If someone gave me a $100, I would walk around as if I’m Donald Trump or Daddy Warbucks. It’s a flush feeling. If we go to dinner, I’m buying. A few days later it would be back to normal with the typical $5 to $20 in my pocket.
What is this behavioral phenomenon of “found money?” We treat a tax refund, a bonus, an inheritance or a winning lottery ticket differently than money accumulated the old-fashioned way (earn it and save it). In a world of financial constraints, the gates to heaven appear to briefly open in a flash of green.
I’ve seen a lottery winner spend it all within a decade and many inheritors spend at a burn rate that could launch a rocket into orbit. More commonly, the annual bonus or tax refund goes toward summer vacation, a kitchen upgrade or a new car.
Being the obligatory wet blanket, curmudgeon, conservative financial guy, what would I do differently? I think a balanced, disciplined approach to “found money” is best.
First, we should top off (or start) our cash reserve fund that covers the unexpected related to home, health, family and employment challenges.
Second, our next steak dinner or beach trip will be more enjoyable if we are not deep in debt. Consider using part of a windfall to pay down a credit card or a home-equity loan.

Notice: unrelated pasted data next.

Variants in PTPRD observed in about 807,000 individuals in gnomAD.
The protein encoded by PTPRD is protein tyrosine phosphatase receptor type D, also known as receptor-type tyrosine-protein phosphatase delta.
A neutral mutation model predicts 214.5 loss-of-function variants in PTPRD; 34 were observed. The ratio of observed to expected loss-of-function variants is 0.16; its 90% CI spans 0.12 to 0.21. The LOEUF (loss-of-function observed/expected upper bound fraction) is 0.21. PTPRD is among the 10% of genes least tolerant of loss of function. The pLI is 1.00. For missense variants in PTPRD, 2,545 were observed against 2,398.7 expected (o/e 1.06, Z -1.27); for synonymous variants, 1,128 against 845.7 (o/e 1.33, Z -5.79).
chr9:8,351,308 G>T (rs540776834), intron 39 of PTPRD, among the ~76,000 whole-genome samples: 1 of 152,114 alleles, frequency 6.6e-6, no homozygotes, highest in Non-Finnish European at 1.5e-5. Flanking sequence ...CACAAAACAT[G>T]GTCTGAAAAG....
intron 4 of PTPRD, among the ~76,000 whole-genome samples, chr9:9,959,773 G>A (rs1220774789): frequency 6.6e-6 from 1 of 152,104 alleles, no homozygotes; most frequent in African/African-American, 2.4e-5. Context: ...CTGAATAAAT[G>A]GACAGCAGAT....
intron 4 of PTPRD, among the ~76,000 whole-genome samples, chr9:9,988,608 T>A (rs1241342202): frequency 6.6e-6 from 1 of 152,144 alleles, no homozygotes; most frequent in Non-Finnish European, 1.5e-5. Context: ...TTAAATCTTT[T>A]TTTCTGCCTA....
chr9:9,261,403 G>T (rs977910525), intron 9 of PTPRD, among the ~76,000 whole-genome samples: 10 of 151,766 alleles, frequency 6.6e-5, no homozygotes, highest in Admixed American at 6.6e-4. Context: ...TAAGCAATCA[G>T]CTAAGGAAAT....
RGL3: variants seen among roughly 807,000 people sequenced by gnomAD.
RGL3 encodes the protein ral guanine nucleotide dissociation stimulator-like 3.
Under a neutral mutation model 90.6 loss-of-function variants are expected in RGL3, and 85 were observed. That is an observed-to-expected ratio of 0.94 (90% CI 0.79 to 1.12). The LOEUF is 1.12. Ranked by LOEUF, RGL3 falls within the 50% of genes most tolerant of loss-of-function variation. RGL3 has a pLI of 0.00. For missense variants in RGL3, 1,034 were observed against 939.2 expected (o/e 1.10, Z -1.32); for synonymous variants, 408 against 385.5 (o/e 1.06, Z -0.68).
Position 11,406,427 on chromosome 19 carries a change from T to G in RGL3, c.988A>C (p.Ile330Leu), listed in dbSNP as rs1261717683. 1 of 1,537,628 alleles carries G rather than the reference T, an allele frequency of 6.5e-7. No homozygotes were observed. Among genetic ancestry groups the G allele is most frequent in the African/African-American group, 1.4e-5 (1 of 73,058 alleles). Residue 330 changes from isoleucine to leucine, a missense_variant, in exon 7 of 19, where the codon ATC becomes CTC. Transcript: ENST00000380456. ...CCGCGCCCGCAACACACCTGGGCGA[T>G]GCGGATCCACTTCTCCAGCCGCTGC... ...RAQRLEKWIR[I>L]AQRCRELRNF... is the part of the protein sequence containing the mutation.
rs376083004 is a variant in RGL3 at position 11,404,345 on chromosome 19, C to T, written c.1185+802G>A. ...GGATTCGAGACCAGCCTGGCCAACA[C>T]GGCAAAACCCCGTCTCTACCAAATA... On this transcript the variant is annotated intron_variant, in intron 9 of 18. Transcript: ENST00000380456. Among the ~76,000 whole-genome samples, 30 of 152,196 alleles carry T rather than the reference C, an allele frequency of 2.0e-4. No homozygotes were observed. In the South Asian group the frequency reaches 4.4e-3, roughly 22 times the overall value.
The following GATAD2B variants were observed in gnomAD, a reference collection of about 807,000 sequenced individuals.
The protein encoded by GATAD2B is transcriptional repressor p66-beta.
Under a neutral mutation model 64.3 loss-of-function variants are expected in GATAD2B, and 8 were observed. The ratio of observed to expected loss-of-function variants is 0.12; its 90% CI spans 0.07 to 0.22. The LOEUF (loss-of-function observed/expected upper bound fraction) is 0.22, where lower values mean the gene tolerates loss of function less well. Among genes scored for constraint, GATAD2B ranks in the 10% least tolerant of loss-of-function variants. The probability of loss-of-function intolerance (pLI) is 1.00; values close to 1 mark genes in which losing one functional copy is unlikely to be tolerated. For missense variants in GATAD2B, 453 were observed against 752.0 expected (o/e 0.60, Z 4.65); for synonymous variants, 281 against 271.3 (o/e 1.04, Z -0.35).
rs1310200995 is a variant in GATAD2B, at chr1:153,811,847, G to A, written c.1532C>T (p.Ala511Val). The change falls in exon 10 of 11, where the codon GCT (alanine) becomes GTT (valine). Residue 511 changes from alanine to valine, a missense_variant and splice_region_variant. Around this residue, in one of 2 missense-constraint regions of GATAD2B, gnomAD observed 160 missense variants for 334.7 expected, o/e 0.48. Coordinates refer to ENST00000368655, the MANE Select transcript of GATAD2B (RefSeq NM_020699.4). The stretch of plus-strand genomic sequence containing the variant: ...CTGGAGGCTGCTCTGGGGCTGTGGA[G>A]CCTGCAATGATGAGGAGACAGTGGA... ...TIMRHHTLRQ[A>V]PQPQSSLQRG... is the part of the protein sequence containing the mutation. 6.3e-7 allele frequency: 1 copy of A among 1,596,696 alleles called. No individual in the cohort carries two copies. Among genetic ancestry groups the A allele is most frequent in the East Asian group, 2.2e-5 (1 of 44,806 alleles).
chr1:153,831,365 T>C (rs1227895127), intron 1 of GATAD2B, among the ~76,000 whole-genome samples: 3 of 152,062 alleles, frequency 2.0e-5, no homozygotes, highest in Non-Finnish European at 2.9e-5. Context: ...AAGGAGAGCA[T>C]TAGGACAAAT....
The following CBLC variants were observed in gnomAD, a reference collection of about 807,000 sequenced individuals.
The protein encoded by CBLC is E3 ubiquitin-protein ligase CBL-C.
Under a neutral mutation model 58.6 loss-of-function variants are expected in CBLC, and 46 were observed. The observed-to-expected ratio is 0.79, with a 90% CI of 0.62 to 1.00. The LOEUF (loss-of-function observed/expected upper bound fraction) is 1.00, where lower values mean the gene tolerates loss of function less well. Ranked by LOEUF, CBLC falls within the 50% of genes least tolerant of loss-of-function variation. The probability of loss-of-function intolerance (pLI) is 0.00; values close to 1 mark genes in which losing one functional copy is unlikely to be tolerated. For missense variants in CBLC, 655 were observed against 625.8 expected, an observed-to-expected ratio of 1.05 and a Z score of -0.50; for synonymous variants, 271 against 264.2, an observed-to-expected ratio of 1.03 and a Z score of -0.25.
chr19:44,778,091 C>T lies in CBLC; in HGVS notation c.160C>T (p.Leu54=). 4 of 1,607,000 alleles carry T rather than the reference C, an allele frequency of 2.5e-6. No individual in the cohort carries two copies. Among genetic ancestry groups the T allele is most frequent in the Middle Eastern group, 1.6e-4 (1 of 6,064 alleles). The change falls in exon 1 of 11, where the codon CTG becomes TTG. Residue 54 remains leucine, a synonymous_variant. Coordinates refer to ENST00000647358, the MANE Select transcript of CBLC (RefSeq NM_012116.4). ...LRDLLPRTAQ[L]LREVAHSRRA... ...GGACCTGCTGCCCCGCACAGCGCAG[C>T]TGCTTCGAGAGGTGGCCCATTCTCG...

Third, I would delay gratification by investing some of my new money toward attainment of a long-term goal such as retirement or college funding. It might enable me to increase my 401(k) or IRA contribution or start a 529 education savings account.
Realistically, you should use a portion of “found money” to enjoy something in the present or to bless a loved one or a charitable cause. Major purchases should be carefully considered. A boat or a larger house have carrying costs — likely increased costs such as maintenance, storage, utilities, etc.
My Florida colleague, Susan Bradley, CFP, founder of the Sudden Money Institute, says “(The money) can seem infinite … people often get an ‘I’m invincible, anything is possible’ feeling.”
Susan feels that it is important to allow time to adjust to the new wealth circumstances that follow a windfall. For example, do nothing with the money for at least a few months, if not an entire year. A “money moratorium” acts as a timeout that allows you to come to grips with your new financial situation, sets the stage for better decision-making and gets your emotions under control. She advises a separate savings account to park your new funds out of sight in the interim.
By creating a stewardship plan for handling a new money windfall you can increase the probability of achieving your life goals as well as keeping your sanity intact.